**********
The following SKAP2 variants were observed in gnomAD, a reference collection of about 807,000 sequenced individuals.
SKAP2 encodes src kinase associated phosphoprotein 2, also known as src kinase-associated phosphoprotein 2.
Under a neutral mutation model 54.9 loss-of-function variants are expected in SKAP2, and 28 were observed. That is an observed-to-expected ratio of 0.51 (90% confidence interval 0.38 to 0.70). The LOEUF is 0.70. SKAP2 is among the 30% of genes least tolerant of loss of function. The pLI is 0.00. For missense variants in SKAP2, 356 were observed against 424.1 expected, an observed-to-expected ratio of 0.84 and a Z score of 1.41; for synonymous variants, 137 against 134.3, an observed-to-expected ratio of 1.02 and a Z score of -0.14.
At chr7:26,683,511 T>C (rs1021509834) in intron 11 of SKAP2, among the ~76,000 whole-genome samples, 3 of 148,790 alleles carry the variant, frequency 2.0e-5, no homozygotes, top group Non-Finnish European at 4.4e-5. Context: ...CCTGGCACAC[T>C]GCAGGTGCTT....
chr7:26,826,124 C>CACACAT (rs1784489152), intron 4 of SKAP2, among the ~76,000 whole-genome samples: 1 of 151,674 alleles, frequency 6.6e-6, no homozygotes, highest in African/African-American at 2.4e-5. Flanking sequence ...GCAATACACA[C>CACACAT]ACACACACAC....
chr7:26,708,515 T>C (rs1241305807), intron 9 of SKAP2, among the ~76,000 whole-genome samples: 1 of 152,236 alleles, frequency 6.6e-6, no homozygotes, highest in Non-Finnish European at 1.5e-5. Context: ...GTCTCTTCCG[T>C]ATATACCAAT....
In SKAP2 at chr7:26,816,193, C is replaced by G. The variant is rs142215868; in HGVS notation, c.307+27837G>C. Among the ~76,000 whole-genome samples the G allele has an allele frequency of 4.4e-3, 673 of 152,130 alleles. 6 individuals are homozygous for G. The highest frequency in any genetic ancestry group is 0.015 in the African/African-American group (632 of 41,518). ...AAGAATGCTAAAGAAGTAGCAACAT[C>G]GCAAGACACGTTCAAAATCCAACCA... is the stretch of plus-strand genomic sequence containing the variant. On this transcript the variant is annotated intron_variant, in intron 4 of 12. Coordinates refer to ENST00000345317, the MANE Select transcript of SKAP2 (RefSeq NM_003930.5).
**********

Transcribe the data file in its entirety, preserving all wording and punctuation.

The following SKAP2 variants were observed in gnomAD, a reference collection of about 807,000 sequenced individuals.
SKAP2 encodes src kinase associated phosphoprotein 2, also known as src kinase-associated phosphoprotein 2.
Under a neutral mutation model 54.9 loss-of-function variants are expected in SKAP2, and 28 were observed. That is an observed-to-expected ratio of 0.51 (90% confidence interval 0.38 to 0.70). The LOEUF is 0.70. SKAP2 is among the 30% of genes least tolerant of loss of function. The pLI is 0.00. For missense variants in SKAP2, 356 were observed against 424.1 expected, an observed-to-expected ratio of 0.84 and a Z score of 1.41; for synonymous variants, 137 against 134.3, an observed-to-expected ratio of 1.02 and a Z score of -0.14.
At chr7:26,683,511 T>C (rs1021509834) in intron 11 of SKAP2, among the ~76,000 whole-genome samples, 3 of 148,790 alleles carry the variant, frequency 2.0e-5, no homozygotes, top group Non-Finnish European at 4.4e-5. Context: ...CCTGGCACAC[T>C]GCAGGTGCTT....
chr7:26,826,124 C>CACACAT (rs1784489152), intron 4 of SKAP2, among the ~76,000 whole-genome samples: 1 of 151,674 alleles, frequency 6.6e-6, no homozygotes, highest in African/African-American at 2.4e-5. Flanking sequence ...GCAATACACA[C>CACACAT]ACACACACAC....
chr7:26,708,515 T>C (rs1241305807), intron 9 of SKAP2, among the ~76,000 whole-genome samples: 1 of 152,236 alleles, frequency 6.6e-6, no homozygotes, highest in Non-Finnish European at 1.5e-5. Context: ...GTCTCTTCCG[T>C]ATATACCAAT....
In SKAP2 at chr7:26,816,193, C is replaced by G. The variant is rs142215868; in HGVS notation, c.307+27837G>C. Among the ~76,000 whole-genome samples the G allele has an allele frequency of 4.4e-3, 673 of 152,130 alleles. 6 individuals are homozygous for G. The highest frequency in any genetic ancestry group is 0.015 in the African/African-American group (632 of 41,518). ...AAGAATGCTAAAGAAGTAGCAACAT[C>G]GCAAGACACGTTCAAAATCCAACCA... is the stretch of plus-strand genomic sequence containing the variant. On this transcript the variant is annotated intron_variant, in intron 4 of 12. Coordinates refer to ENST00000345317, the MANE Select transcript of SKAP2 (RefSeq NM_003930.5).